The long and winding road
As we hit the Easter weekend another season begins here at Saddle Mountain Hostel. We are now open again for seven days a week. For us this is a bit of a change from the five days a week routine we run over the winter months after our annual November shutdown.
The winter just past wasn’t one of our busiest ones. Unfortunately the weather and temperature didn’t lend themselves to the winter hill walking conditions which most of our guests are looking for at that time of year. That doesn’t mean that we were idle, though. There is always hostel maintenance and admin to be done and we took the chance to get out and about in the great outdoors.
Because of the weather we went up fewer peaks than we might have liked. Instead we decided to test out sections of various long distance trails. This was partly out of interest and partly in the name of research – we want to make sure that we can offer informed advice to guests about walks they are about to do.
So what did we do? First of all, we hiked all of the South Loch Ness Trail from Fort Augustus to Torbreck (just outside Inverness). Together with the Great Glen Way from Fort Augustus to Inverness this makes up the Loch Ness 360 route. Next we walked parts of the Great Glen Way again so that we could see where the canal had been drained to allow for lock gate replacement at Kytra and Fort Augustus. This is unlikely to happen again in our lifetimes.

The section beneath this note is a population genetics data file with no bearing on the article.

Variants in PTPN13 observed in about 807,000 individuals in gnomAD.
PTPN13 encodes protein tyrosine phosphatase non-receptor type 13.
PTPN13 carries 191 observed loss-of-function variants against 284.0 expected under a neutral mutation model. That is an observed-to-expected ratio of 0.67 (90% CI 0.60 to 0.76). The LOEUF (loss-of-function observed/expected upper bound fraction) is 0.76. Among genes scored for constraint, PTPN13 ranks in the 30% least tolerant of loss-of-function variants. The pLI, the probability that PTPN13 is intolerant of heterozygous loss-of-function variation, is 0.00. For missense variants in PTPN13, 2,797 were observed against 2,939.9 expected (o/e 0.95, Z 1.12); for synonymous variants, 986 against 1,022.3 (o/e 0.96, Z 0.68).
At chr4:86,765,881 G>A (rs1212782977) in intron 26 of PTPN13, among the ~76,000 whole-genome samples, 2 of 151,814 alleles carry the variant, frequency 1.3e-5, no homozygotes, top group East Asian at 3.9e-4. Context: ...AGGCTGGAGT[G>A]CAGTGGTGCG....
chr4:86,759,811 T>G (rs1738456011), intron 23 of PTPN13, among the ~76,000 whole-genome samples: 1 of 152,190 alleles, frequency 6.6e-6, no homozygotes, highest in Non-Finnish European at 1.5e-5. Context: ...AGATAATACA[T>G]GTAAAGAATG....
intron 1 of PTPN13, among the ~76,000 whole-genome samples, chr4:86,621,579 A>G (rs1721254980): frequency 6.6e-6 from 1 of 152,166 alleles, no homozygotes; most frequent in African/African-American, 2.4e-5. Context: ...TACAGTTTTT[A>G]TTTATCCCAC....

We also walked over the Corrieyairack Pass from Melgarve to Fort Augustus. Scottish National Trail walkers reach the hostel on this route. Going west, we next walked a couple of stages of the Cape Wrath Trail from the hostel front door to Poulary. We now have first hand knowledge of any river crossing issues and where the best camping spots are.
Finally, we began a trip on the West Highland Way. We took in the two stages from the Glencoe ski station to Fort William. Although this isn’t entirely on our doorstep we have found that more guests than you would think combine the West Highland Way with the Great Glen Way. And it’s part of the International Appalachian Trail! We hope to carry on further south next year.
Maybe next winter will be one for Munro and Corbett ascents but if not we will keep putting in the miles and doing our trail research. We hope to see you this summer and give you the benefit of our hard earned local knowledge. Don’t forget you can book online until 6pm on the day.